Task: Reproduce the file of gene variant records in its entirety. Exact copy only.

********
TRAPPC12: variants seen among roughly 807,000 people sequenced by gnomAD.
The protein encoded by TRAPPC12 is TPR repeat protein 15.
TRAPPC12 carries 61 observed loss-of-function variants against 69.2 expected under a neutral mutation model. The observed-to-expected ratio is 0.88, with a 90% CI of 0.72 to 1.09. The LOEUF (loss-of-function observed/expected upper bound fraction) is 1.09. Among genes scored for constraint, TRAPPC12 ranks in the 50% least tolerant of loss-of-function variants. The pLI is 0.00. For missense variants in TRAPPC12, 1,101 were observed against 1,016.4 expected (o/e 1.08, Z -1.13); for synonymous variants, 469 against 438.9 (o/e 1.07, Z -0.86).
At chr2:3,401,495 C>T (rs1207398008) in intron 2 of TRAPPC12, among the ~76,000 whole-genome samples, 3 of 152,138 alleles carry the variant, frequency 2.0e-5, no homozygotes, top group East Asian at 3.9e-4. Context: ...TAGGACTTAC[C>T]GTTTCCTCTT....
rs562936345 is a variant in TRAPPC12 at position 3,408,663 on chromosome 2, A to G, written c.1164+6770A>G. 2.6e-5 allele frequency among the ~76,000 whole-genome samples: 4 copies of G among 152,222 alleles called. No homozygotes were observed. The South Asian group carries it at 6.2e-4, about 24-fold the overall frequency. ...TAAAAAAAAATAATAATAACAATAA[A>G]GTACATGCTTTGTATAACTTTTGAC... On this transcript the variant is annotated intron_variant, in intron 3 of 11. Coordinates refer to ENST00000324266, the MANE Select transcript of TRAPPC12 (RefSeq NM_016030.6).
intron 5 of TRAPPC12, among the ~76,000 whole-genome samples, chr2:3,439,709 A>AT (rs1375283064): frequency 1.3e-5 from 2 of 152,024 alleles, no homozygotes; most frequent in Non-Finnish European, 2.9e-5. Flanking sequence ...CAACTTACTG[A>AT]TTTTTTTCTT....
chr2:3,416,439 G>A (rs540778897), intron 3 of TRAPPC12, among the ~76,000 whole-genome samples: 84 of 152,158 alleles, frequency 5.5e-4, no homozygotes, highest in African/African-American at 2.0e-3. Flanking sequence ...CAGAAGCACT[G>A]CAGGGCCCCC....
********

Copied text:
TRAPPC12: variants seen among roughly 807,000 people sequenced by gnomAD.
The protein encoded by TRAPPC12 is TPR repeat protein 15.
TRAPPC12 carries 61 observed loss-of-function variants against 69.2 expected under a neutral mutation model. The observed-to-expected ratio is 0.88, with a 90% CI of 0.72 to 1.09. The LOEUF (loss-of-function observed/expected upper bound fraction) is 1.09. Among genes scored for constraint, TRAPPC12 ranks in the 50% least tolerant of loss-of-function variants. The pLI is 0.00. For missense variants in TRAPPC12, 1,101 were observed against 1,016.4 expected (o/e 1.08, Z -1.13); for synonymous variants, 469 against 438.9 (o/e 1.07, Z -0.86).
At chr2:3,401,495 C>T (rs1207398008) in intron 2 of TRAPPC12, among the ~76,000 whole-genome samples, 3 of 152,138 alleles carry the variant, frequency 2.0e-5, no homozygotes, top group East Asian at 3.9e-4. Context: ...TAGGACTTAC[C>T]GTTTCCTCTT....
rs562936345 is a variant in TRAPPC12 at position 3,408,663 on chromosome 2, A to G, written c.1164+6770A>G. 2.6e-5 allele frequency among the ~76,000 whole-genome samples: 4 copies of G among 152,222 alleles called. No homozygotes were observed. The South Asian group carries it at 6.2e-4, about 24-fold the overall frequency. ...TAAAAAAAAATAATAATAACAATAA[A>G]GTACATGCTTTGTATAACTTTTGAC... On this transcript the variant is annotated intron_variant, in intron 3 of 11. Coordinates refer to ENST00000324266, the MANE Select transcript of TRAPPC12 (RefSeq NM_016030.6).
intron 5 of TRAPPC12, among the ~76,000 whole-genome samples, chr2:3,439,709 A>AT (rs1375283064): frequency 1.3e-5 from 2 of 152,024 alleles, no homozygotes; most frequent in Non-Finnish European, 2.9e-5. Flanking sequence ...CAACTTACTG[A>AT]TTTTTTTCTT....
chr2:3,416,439 G>A (rs540778897), intron 3 of TRAPPC12, among the ~76,000 whole-genome samples: 84 of 152,158 alleles, frequency 5.5e-4, no homozygotes, highest in African/African-American at 2.0e-3. Flanking sequence ...CAGAAGCACT[G>A]CAGGGCCCCC....